Tremiti islands, little Italy
TREMITI ISLANDS | SAN DOMINO (9,5 KM)
In the central Adriatic Sea, just above the Italian Apulian peninsula of Gargano you can find an archipelago that consist of five small Italian islands. A group of islands you probably have never heard of yet. The Tremiti Islands, or in Italian ‘Isole Tremiti’.
A name that refers to the strong seismic activity that once took place here in this archipelago. Tremiti comes from the Italian ‘tremalante’ which means trembling. Nowadays these islands are an ideal environment for a short discovery trip on foot or a couple of days of relaxation.
The Tremiti islands belongs to the National Park Gargano and has the status of a maritime nature reserve since 1989 because of its beautiful underwater world. The best way to reach the islands is by boat which runs daily from the ports of Termoli, Vasto and Ortona.
Do you want to visit the islands during high season? In that case you even have more choices. In these times you are also able to take a boat from Manfredonia, Vieste and Rodi Garganico. But the boat is not the only option, as a helicopter flies back and forth to the island every day. Of course this costs a little extra, but the views of the archipelago are breathtaking.
Depending on the means of transport chosen, you will arrive in the archipelago on one of the largest islands, San Domino or San Nicola. San Domino is the largest and greenest of these two and the entire Tremiti archipelago. This island is perfect for relaxation but also for a beautiful hike. Since San Domino is not permanently inhabited, enough space is left for rich nature. The island, like all the other Tremiti islands, consists of jagged and rocky coastlines surrounded by crystal-clear, azure-blue water. The best place to start a hike is from ‘Cala delle Arene’, the small and only sandy beach in the archipelago. This beach is located next to one of the two small harbours on the island. It is also the end of the island closest to San Nicola, so it is handy if you are on that island to take your first steps into the archipelago.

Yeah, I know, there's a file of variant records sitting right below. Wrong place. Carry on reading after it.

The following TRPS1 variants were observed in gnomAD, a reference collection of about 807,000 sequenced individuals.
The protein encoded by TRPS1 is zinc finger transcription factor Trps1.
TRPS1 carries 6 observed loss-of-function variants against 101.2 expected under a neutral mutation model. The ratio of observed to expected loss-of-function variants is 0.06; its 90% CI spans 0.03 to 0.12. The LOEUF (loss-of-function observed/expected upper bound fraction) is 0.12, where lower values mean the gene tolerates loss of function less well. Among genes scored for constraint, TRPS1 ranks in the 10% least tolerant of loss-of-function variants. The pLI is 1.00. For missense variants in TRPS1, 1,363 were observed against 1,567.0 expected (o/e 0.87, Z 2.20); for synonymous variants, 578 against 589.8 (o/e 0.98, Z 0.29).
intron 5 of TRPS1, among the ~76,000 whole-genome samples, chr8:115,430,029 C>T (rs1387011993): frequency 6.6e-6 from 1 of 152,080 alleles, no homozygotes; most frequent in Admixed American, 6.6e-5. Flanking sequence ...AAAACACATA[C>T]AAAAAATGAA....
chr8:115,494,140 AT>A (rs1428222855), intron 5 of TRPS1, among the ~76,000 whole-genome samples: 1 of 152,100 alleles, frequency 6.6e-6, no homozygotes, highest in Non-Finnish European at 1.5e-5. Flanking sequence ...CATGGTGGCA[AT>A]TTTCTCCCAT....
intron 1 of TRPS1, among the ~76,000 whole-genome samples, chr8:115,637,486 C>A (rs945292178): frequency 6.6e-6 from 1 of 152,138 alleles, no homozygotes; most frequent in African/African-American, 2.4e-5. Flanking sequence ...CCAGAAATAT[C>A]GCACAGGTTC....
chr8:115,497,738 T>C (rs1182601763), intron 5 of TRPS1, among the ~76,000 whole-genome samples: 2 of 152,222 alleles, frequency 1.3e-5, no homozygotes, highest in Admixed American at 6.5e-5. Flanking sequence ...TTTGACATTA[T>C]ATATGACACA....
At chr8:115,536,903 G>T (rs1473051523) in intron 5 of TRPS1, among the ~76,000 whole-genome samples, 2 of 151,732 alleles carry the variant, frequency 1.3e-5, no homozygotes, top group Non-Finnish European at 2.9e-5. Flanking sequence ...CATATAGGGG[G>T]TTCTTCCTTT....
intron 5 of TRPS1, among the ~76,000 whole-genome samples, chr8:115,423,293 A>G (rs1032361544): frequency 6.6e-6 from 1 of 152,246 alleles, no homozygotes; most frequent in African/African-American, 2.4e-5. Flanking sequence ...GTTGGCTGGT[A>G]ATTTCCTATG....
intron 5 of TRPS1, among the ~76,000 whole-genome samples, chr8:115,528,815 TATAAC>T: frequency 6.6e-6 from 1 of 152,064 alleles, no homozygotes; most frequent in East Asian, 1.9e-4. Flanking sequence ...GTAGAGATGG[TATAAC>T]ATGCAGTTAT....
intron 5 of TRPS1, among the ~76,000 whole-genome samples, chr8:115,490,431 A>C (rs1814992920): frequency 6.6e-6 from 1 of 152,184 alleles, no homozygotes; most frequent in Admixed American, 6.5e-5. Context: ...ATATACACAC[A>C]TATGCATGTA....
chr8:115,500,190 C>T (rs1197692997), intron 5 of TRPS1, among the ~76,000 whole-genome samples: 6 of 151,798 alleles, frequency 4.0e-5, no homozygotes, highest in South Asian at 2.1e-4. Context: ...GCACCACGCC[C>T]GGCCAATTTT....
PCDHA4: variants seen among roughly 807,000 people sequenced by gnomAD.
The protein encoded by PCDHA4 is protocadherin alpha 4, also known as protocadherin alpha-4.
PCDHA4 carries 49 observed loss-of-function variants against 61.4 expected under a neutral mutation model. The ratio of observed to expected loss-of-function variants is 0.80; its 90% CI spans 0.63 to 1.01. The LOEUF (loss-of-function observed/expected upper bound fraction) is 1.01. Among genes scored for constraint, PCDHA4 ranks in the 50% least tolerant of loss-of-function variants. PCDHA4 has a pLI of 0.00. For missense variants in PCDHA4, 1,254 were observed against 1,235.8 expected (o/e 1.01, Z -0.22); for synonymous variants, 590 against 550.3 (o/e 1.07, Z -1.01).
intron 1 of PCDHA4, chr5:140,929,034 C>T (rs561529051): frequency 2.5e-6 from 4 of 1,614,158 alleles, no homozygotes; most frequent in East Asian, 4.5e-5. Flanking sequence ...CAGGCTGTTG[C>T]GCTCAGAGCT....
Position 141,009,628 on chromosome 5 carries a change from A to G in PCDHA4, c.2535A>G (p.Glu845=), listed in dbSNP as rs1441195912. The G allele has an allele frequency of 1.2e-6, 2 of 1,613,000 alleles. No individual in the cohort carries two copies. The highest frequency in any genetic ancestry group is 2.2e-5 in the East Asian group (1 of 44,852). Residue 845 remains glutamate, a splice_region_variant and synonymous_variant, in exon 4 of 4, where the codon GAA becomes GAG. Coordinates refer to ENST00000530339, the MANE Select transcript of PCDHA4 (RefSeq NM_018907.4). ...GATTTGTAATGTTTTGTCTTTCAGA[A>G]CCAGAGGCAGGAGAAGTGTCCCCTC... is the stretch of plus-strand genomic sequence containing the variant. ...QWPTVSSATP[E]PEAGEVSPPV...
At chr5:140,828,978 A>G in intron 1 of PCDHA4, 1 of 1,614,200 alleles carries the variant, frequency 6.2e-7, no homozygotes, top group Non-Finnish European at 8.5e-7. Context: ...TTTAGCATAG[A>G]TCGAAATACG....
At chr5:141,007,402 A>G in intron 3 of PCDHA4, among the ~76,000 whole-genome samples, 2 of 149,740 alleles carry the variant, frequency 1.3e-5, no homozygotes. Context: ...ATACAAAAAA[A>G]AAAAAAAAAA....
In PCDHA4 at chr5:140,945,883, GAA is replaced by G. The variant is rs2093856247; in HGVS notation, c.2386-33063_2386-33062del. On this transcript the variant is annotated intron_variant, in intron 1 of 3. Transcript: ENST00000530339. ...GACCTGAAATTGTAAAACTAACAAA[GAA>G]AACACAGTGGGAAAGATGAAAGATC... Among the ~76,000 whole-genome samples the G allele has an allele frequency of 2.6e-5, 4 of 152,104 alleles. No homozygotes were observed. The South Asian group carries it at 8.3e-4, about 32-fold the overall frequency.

The route is easy to follow, as there are few roads and paths on this island so it is difficult to get lost. But because this island focuses most of all on tourism, all highlights during the hike are also very clearly marked. During the hike, you will encounter many dead ends that lead to panoramic viewpoints or caves. You will not want to skip any of these dead ends, but this also means that the number of kilometres and altimeters may increase more than previously thought. The views that you get in return for this extra effort, however, are overwhelming. When you have enough time, it is therefore highly recommended to take in all the highlights.
Faro di San Domino
San Domino is very green and consists for the most part of a forest of orange trees, pine trees and fig trees. Because of this, you walk for a large part on forest paths and therefore in the shade, which makes the walk attractive even in hotter weather. Also the salamander, the most common inhabitant of San Domino, likes to be seen in warm weather.